Pickled meal in a jar!

Meal in a jar

My pickled meal-in-a-jar

During a stop at my local smokehouse, my attention was riveted like a raptor who’s spied a wounded stegosaurus. In a section of the cooler identified as “things not for sale” I saw a near empty glass container with a label promising A Meal In A Jar.

What a great idea! Pickled sausages and eggs reside on many bar tops; combine them with a few green beans or carrots and you’ve got a well balanced culinary experience that you might keep in your glove compartment and go out and claim during a long night at the tavern. (The bar might also keep them for regular patrons in the same way finer establishments store bottles of wine, scotch or soju.)

I whipped up a batch of brine using the simple formula of 3/4 c cider vinegar, 3/4 c water, 1 t pickling spice and 1 t salt. I added a pinch of alum (available in the baking department at better supermarkets) to keep the crunch in the ingredients and brought to a boil, then poured into a pint jar in which I’d pre-loaded 2 hard boiled eggs, a worthy chunk of kielbasa and enough pre-blanched green beans and carrot spears to fill the remaining space. This was then packed away in my fridge and brought out again a week later.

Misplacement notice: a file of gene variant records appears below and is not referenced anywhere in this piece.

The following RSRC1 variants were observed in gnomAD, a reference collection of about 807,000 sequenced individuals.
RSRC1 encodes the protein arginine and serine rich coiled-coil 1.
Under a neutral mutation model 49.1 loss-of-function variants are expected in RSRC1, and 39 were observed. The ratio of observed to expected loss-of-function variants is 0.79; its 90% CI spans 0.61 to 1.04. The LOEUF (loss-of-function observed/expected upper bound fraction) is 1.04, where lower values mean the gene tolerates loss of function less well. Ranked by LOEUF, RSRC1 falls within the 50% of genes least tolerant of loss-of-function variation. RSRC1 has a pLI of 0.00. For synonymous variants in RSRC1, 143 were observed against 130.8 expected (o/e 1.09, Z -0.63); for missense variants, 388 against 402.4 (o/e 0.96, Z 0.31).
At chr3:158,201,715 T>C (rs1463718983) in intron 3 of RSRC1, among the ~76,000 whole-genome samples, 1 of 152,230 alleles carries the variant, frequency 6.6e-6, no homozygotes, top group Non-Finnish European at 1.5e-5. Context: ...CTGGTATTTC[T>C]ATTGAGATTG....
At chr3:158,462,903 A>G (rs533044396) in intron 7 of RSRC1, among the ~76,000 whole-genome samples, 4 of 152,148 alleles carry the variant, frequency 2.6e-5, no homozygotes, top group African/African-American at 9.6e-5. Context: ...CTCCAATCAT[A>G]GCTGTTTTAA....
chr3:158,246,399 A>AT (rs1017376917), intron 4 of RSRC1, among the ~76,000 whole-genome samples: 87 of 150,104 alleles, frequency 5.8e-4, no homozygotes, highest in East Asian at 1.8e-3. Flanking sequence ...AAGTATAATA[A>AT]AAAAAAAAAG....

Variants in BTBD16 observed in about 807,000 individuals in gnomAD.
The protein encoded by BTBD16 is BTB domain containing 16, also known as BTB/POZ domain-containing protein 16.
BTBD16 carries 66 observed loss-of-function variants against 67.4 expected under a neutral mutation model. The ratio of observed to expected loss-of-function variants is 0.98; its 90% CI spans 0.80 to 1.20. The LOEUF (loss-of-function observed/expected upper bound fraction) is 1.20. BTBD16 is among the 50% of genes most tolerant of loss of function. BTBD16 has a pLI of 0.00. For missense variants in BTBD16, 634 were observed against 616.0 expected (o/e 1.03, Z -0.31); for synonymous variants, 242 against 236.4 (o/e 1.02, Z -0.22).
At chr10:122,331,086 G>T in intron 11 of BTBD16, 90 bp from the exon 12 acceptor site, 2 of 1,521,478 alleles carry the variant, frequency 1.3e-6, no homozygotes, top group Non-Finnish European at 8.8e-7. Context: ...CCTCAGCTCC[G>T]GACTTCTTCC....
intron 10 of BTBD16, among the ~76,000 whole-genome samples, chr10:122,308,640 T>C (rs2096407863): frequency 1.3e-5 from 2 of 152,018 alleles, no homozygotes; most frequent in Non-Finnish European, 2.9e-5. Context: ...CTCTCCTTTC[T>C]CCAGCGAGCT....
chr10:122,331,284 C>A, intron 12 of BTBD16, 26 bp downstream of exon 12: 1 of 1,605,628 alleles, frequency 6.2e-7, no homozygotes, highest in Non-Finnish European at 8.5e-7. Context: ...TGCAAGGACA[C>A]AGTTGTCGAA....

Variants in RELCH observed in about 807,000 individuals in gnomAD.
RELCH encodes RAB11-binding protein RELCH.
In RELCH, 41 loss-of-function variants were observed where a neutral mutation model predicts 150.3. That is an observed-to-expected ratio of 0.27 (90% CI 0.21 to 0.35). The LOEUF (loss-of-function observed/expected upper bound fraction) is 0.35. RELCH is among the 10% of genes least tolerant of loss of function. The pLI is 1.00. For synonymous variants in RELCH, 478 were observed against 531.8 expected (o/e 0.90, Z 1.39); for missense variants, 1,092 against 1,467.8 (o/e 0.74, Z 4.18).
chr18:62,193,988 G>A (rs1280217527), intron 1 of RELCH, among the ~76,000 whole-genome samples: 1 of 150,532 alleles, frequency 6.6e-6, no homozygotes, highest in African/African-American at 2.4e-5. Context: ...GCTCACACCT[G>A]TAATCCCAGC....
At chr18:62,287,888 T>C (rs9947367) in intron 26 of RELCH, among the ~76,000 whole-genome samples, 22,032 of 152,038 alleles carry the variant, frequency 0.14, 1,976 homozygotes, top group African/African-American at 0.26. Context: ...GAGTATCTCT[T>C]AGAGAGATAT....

The result? Excellent. Everything benefited from the pickling bath and I think the foodstuffs cross flavored one another. I would love to publish this as a recipe but there’s an issue: many authorities caution against vacuum-processing pickling eggs because of botulism issues. So, go ahead and make this but don’t plan to can it for your girlfriend who’s going out to work in the oil fields of North Dakota. Keep cool and eat within a few days–basically the same process you’d follow with pickled eggs on their own.

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